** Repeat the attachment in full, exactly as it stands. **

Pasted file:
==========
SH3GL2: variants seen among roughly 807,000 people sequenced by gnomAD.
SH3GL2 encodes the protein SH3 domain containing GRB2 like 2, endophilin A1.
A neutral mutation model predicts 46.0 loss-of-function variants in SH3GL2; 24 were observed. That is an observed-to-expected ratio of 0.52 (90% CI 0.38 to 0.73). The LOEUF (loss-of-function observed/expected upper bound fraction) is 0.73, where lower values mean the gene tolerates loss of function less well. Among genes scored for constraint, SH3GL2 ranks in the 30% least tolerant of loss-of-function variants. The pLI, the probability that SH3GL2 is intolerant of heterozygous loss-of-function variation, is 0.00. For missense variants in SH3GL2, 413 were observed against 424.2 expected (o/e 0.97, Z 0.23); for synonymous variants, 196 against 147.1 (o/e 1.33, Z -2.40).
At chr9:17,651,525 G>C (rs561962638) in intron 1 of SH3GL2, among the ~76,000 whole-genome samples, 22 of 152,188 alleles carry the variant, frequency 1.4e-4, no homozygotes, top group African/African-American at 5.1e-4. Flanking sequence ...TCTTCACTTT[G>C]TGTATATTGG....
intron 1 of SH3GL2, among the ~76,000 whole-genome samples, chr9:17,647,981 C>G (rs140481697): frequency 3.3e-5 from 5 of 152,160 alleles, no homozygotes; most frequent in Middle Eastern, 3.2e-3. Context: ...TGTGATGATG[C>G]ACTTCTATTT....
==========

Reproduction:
SH3GL2: variants seen among roughly 807,000 people sequenced by gnomAD.
SH3GL2 encodes the protein SH3 domain containing GRB2 like 2, endophilin A1.
A neutral mutation model predicts 46.0 loss-of-function variants in SH3GL2; 24 were observed. That is an observed-to-expected ratio of 0.52 (90% CI 0.38 to 0.73). The LOEUF (loss-of-function observed/expected upper bound fraction) is 0.73, where lower values mean the gene tolerates loss of function less well. Among genes scored for constraint, SH3GL2 ranks in the 30% least tolerant of loss-of-function variants. The pLI, the probability that SH3GL2 is intolerant of heterozygous loss-of-function variation, is 0.00. For missense variants in SH3GL2, 413 were observed against 424.2 expected (o/e 0.97, Z 0.23); for synonymous variants, 196 against 147.1 (o/e 1.33, Z -2.40).
At chr9:17,651,525 G>C (rs561962638) in intron 1 of SH3GL2, among the ~76,000 whole-genome samples, 22 of 152,188 alleles carry the variant, frequency 1.4e-4, no homozygotes, top group African/African-American at 5.1e-4. Flanking sequence ...TCTTCACTTT[G>C]TGTATATTGG....
intron 1 of SH3GL2, among the ~76,000 whole-genome samples, chr9:17,647,981 C>G (rs140481697): frequency 3.3e-5 from 5 of 152,160 alleles, no homozygotes; most frequent in Middle Eastern, 3.2e-3. Context: ...TGTGATGATG[C>G]ACTTCTATTT....